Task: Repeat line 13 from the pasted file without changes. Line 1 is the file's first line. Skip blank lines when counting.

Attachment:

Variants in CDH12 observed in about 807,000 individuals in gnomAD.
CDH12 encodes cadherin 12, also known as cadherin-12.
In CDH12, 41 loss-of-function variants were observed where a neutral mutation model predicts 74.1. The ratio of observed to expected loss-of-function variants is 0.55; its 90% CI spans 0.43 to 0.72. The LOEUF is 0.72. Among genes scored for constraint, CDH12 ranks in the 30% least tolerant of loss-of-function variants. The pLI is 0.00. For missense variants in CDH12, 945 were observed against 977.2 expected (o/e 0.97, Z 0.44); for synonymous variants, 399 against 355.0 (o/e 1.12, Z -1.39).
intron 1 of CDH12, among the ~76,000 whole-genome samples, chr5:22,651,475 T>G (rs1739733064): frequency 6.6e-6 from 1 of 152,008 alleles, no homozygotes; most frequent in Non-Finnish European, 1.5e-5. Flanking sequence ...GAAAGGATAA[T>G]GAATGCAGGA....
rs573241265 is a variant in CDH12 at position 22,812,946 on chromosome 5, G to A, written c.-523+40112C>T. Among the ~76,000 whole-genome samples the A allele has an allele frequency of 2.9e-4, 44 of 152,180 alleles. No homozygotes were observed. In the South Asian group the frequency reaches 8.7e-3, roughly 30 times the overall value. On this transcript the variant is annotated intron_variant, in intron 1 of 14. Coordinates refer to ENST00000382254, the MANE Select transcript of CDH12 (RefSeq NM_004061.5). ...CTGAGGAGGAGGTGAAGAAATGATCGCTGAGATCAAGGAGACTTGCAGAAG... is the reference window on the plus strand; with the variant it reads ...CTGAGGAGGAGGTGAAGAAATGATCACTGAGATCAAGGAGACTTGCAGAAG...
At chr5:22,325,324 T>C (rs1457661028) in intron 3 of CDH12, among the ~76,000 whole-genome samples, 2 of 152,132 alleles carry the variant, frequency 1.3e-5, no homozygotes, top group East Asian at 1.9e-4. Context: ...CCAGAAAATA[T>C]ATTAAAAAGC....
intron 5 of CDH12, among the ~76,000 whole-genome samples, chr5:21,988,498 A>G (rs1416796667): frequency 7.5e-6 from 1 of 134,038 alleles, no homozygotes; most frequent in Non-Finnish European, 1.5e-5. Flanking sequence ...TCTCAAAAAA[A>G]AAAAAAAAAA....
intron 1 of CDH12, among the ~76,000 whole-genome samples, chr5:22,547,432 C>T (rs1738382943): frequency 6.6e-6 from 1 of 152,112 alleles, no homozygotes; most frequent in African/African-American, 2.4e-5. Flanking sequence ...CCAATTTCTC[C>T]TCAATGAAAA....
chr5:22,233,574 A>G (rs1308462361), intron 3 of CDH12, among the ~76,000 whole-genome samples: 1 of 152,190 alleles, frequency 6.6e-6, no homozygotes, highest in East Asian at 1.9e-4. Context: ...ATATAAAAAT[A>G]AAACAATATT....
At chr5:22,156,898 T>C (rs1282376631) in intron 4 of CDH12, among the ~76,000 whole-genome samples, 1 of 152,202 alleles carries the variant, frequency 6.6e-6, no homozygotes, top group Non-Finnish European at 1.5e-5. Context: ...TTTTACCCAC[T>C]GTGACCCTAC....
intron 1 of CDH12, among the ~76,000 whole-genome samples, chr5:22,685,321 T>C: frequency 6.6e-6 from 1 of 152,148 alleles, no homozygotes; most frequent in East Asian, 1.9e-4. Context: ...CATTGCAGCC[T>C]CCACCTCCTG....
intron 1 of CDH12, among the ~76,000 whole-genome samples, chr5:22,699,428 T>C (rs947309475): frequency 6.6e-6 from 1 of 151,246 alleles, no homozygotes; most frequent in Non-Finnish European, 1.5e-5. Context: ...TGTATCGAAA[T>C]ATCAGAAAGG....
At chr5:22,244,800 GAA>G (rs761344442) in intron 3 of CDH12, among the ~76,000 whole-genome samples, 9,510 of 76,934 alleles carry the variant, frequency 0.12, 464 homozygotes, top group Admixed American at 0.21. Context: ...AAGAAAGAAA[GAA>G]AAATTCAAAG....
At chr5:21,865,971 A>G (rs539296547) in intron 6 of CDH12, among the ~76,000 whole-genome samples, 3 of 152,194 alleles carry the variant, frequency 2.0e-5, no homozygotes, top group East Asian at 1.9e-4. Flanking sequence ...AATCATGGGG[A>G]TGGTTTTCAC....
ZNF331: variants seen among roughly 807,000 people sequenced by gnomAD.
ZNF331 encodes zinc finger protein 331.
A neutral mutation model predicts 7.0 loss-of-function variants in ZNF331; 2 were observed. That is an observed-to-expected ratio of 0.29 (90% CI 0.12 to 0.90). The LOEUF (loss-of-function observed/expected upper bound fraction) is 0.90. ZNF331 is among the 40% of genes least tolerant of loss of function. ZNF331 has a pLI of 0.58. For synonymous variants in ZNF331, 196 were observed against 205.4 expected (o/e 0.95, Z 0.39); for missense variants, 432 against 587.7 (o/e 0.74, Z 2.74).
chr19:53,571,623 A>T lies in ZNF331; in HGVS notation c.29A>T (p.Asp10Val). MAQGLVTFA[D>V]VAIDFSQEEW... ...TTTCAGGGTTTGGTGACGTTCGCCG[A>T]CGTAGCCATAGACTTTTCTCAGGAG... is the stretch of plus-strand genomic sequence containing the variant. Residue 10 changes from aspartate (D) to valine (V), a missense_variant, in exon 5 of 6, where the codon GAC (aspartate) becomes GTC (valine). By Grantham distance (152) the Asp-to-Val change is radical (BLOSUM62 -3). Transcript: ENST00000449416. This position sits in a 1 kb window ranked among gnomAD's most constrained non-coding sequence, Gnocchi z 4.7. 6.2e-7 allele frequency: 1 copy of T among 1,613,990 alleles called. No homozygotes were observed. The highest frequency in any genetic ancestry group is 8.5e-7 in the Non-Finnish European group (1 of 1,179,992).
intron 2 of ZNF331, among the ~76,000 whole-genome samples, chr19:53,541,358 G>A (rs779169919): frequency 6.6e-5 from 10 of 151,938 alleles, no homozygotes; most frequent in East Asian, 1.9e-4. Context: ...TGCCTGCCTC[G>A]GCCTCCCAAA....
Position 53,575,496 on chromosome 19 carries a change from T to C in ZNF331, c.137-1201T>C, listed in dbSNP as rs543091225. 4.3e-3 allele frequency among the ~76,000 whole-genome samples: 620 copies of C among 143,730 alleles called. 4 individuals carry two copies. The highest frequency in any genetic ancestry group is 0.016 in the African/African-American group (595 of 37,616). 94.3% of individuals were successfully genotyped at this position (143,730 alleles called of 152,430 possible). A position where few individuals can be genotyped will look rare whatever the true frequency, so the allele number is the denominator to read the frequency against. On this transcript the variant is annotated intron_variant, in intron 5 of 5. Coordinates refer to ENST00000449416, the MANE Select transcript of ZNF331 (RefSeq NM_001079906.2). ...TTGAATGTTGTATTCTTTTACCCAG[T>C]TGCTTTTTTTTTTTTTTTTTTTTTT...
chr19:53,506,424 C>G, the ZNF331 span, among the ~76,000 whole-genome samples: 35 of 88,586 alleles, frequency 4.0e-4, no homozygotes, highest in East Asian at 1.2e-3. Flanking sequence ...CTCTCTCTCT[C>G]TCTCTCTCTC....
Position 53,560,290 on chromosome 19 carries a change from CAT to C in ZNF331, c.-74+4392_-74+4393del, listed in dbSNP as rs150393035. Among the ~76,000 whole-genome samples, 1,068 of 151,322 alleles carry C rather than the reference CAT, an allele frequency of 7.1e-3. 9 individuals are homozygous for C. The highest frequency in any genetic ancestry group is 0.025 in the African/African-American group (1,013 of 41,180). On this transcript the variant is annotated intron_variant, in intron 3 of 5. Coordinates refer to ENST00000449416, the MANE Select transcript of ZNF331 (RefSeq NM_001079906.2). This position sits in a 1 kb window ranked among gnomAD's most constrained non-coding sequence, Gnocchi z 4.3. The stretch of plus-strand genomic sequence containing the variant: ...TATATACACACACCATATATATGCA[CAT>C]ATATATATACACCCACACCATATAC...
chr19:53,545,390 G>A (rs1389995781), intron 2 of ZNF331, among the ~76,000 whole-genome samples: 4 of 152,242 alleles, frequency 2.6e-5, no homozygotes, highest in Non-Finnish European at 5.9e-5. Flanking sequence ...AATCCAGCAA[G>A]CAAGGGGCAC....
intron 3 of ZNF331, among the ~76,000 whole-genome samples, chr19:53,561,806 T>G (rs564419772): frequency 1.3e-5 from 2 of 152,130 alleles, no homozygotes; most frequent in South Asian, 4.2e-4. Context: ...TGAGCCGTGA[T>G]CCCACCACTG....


At chr5:22,244,800 GAA>G (rs761344442) in intron 3 of CDH12, among the ~76,000 whole-genome samples, 9,510 of 76,934 alleles carry the variant, frequency 0.12, 464 homozygotes, top group Admixed American at 0.21. Context: ...AAGAAAGAAA[GAA>G]AAATTCAAAG....